City council chooses new trash service provider for Trenton residents

Waste Corporation of Missouri (WCA)

It took three attempts Monday night before the city council decided on a company for residential trash pickup which results in a change from the current provider. The city council, on a single vote, decided to discontinue the recycling program in which households are currently charged a fee every month.

Submitting bids for a five-year trash collection contract were WCA, Advanced Disposal, and the current provider Rapid Removal Disposal. On a third and final vote, the council went four to three to select the low bid of WCA for weekly residential trash pickup. Their quote is $9.54 per month for the first two years, which is $1.22 lower than what Rapid Removal currently charges, and it’s $1.71 less than what Rapid Removal’s new bid came in at.

In favor of the low bid were Jenn Hottes, Lou Fisher, Dave Mlika, and Glen Briggs. Opposing the selection of the lower bidder were Larry Crawford, Travis Elbert, and Brad Chumbley. Larry Porter was absent.

Ms. Hottes said while she appreciates the service provided by Rapid Removal, she felt the council owed it to the citizens to accept the lowest bid. WCA’s bid is the lowest for all five years when compared to the other two companies. The Rapid Removal trash pickup bid for next year ($11.25) was fifty cents higher than the current rate. But the company did propose to keep the same monthly rate all five years.

Each of the three companies had representatives present for the city hall meeting. Andy Burress and Danny Westcott spoke on behalf of Rapid Removal.

Responding to a question, Burress says Rapid Removal has 28 employees. Westcott’s trucking company does business on behalf of Rapid Removal.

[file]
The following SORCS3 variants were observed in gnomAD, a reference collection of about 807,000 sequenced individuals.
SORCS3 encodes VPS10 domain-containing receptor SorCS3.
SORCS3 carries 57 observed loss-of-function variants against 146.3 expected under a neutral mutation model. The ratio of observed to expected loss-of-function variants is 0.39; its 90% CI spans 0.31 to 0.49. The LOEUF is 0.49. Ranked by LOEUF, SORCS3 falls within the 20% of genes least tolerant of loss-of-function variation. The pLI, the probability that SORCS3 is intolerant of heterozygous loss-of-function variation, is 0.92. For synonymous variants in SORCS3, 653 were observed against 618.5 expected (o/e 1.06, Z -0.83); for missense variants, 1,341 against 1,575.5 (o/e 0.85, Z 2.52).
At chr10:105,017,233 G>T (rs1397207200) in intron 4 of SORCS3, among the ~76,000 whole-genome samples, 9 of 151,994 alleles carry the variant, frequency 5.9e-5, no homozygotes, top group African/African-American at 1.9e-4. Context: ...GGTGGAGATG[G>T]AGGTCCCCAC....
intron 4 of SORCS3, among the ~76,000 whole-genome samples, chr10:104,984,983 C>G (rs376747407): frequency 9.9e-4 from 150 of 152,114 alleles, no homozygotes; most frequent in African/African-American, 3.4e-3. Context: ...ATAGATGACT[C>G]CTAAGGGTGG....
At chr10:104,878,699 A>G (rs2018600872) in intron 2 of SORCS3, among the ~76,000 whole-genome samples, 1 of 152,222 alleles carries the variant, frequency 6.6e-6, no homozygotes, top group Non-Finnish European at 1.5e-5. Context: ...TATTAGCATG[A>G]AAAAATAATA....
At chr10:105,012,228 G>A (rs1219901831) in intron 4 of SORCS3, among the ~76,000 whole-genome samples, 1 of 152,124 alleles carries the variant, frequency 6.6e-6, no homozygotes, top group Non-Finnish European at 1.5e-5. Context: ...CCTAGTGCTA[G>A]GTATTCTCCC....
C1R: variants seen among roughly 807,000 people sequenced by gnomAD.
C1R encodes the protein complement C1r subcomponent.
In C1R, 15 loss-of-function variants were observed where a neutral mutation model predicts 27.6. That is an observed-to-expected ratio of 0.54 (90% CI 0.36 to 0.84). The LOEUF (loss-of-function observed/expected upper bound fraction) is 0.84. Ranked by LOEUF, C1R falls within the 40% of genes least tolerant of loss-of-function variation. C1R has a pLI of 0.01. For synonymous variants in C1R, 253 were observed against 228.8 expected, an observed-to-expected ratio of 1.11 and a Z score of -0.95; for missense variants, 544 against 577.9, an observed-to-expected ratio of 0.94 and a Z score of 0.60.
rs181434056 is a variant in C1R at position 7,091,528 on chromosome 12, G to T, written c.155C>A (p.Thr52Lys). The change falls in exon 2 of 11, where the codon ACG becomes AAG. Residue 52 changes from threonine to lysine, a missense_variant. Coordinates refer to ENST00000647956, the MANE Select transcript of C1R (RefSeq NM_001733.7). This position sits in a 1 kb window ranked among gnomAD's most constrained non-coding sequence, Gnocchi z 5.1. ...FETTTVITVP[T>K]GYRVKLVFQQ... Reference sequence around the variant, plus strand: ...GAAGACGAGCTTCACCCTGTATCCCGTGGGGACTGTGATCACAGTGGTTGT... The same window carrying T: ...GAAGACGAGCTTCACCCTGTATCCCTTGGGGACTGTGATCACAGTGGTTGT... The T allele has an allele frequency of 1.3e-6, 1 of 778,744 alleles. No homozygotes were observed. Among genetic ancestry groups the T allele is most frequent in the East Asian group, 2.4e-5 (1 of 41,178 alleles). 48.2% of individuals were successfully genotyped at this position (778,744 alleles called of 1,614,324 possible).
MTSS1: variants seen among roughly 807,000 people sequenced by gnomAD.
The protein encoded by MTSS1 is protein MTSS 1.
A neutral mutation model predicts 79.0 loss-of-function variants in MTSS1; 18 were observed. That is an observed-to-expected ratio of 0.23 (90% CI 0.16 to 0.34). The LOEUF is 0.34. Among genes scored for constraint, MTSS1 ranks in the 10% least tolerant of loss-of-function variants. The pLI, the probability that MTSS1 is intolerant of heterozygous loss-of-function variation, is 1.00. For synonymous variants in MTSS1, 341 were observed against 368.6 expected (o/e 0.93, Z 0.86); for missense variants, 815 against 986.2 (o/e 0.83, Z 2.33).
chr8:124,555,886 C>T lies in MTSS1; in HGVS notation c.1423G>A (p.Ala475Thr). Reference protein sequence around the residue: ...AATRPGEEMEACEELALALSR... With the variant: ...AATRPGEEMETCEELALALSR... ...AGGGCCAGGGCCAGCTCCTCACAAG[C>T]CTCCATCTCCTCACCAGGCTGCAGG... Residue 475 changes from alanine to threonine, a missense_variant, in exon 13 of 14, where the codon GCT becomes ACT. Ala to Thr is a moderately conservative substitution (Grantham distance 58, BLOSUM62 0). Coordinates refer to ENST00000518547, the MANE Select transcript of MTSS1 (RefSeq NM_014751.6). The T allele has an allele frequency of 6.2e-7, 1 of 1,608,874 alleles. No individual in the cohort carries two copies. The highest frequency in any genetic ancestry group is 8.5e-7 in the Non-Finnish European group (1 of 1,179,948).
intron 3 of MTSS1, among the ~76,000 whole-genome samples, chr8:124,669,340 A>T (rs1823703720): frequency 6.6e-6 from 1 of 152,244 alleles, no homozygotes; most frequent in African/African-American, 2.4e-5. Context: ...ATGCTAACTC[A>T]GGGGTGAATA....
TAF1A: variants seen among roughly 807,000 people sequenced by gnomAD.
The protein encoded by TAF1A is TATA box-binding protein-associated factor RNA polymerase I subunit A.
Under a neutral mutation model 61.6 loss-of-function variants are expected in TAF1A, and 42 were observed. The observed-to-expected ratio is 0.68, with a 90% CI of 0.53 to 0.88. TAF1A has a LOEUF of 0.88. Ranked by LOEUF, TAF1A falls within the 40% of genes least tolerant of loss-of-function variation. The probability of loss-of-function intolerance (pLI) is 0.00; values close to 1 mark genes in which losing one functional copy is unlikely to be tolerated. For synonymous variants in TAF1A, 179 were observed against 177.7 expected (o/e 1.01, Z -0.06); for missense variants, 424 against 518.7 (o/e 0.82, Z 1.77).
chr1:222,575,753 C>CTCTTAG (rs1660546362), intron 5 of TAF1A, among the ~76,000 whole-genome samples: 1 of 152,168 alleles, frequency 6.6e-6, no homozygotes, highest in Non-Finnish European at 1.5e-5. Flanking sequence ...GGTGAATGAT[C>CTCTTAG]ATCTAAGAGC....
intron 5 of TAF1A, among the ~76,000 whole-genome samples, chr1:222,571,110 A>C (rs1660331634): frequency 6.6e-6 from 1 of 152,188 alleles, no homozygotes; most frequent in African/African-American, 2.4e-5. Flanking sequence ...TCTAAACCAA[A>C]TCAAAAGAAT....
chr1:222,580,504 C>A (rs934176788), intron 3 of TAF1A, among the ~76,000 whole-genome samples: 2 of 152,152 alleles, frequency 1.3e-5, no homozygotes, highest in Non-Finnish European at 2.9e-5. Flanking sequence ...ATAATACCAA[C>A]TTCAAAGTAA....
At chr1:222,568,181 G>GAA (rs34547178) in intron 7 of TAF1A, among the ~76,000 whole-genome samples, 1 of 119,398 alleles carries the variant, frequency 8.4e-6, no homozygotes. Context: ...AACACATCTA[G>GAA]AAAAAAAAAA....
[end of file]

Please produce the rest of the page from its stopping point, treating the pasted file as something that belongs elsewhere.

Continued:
A citizen, Gaylon McCorkle, said Rapid Removal picks up everything that’s set out for them. A representative of WCA told the council his company would take one bulky item per household per week. He also pledged WCA would provide dumpsters at no charge for “city events.” Several years ago, WCA handled the residential trash pickup service at Trenton. But the contract in recent years has gone to Rapid Removal which has facilities in the northern part of Trenton.

Two previous votes of the council failed regarding the sanitation service.

The first motion was to accept WCA but the vote failed three in favor and four opposed. The second motion was made to accept Rapid Removal but that also failed with three in favor and four opposed. City Attorney Tara Walker noted the Rapid Removal bid was more than five percent greater than the councils’ allowance to accept a local company over someone with a lower bid. The difference for next year amounts to $1.71. She cautioned if the vote was to accept Rapid Removal, council members should express good reasons in telling the public why they were not selecting the low bid. In the end, the lowest bid was eventually accepted with four votes in favor and three against. Briggs switched his vote saying he could not justify the higher cost on citizens with Rapid Removal.

WCA, which is Waste Corporation of America, has facilities in Chillicothe. It’s anticipated the tipping fee paid by WCA will go to Chillicothe and not Trenton. Since Rapid Removal is within the city limits, it has been paying to Trenton, the $2.00 a ton tipping fee.

The vote passed six to one to end the recycling program at Trenton and stop charging households $2.99 per month. Larry Crawford voted no preferring to keep the recycling program in place. Six others voted yes, with some noting citizens who contacted them said they don’t want to pay for a service they’re not using.

Mayor Nick McHargue, who said recycling is not required, also expressed opposition to the program and its fee.

Three bids had been submitted for a five-year recycling contract. The lowest was $3.00 per month submitted by Rapid Removal. It was noted for Trenton residents who do recycle, items can be taken to Hope Haven in Chillicothe.

It also was mentioned that certain items being put out for Hope Haven recycling were not actually eligible to be recycled and went to a landfill instead. It was noted perhaps just 15% to 20% percent of Trenton residents recycle.

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